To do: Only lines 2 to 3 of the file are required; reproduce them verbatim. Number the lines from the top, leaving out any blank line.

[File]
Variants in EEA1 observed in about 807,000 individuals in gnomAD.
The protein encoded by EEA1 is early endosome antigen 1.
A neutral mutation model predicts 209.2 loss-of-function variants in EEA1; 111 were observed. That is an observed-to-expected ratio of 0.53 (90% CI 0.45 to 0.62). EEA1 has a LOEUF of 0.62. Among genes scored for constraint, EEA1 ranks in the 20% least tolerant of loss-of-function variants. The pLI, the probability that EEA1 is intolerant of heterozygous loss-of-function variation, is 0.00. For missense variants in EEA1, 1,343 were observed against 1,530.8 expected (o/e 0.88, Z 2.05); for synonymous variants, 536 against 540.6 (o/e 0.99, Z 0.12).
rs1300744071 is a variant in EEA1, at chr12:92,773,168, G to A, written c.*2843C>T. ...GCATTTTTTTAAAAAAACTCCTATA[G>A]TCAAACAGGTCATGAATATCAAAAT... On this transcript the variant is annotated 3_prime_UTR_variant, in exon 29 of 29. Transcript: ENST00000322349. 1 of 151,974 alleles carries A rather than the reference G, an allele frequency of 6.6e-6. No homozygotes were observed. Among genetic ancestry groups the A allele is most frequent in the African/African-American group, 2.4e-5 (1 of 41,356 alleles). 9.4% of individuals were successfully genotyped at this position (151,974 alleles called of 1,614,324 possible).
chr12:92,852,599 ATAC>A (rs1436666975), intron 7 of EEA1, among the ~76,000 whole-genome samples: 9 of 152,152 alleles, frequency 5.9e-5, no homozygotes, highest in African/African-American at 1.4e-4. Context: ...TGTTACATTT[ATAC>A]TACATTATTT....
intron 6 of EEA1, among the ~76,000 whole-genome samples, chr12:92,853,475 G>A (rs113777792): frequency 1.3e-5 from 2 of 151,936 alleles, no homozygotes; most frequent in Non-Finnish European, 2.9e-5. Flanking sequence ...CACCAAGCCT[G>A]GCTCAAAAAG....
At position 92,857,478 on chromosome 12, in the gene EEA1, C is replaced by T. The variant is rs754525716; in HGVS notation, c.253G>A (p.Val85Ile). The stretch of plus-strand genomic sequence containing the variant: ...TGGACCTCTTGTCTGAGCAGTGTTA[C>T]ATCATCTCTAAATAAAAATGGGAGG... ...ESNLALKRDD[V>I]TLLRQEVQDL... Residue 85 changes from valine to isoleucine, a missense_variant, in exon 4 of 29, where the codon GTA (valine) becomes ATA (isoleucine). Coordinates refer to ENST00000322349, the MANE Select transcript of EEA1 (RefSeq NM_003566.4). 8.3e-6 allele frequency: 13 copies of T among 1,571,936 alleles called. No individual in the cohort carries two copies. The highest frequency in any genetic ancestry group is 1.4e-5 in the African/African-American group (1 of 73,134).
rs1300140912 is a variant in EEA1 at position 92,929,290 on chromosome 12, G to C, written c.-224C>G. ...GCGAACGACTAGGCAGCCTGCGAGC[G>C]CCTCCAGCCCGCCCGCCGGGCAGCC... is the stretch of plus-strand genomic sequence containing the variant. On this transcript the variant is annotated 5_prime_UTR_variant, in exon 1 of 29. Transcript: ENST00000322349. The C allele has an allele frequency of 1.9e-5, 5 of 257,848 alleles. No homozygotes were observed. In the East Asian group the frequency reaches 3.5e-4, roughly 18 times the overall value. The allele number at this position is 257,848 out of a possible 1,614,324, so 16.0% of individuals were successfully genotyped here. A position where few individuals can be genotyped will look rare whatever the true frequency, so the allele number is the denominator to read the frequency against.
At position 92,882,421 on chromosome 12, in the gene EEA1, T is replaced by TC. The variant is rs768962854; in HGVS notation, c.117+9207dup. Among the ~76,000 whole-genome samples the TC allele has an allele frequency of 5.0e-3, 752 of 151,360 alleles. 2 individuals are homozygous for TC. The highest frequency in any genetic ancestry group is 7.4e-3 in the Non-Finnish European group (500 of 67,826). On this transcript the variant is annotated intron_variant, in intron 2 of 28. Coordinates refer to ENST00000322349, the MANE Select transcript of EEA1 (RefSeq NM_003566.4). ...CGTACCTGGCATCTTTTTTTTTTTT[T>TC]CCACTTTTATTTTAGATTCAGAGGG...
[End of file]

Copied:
The protein encoded by EEA1 is early endosome antigen 1.
A neutral mutation model predicts 209.2 loss-of-function variants in EEA1; 111 were observed. That is an observed-to-expected ratio of 0.53 (90% CI 0.45 to 0.62). EEA1 has a LOEUF of 0.62. Among genes scored for constraint, EEA1 ranks in the 20% least tolerant of loss-of-function variants. The pLI, the probability that EEA1 is intolerant of heterozygous loss-of-function variation, is 0.00. For missense variants in EEA1, 1,343 were observed against 1,530.8 expected (o/e 0.88, Z 2.05); for synonymous variants, 536 against 540.6 (o/e 0.99, Z 0.12).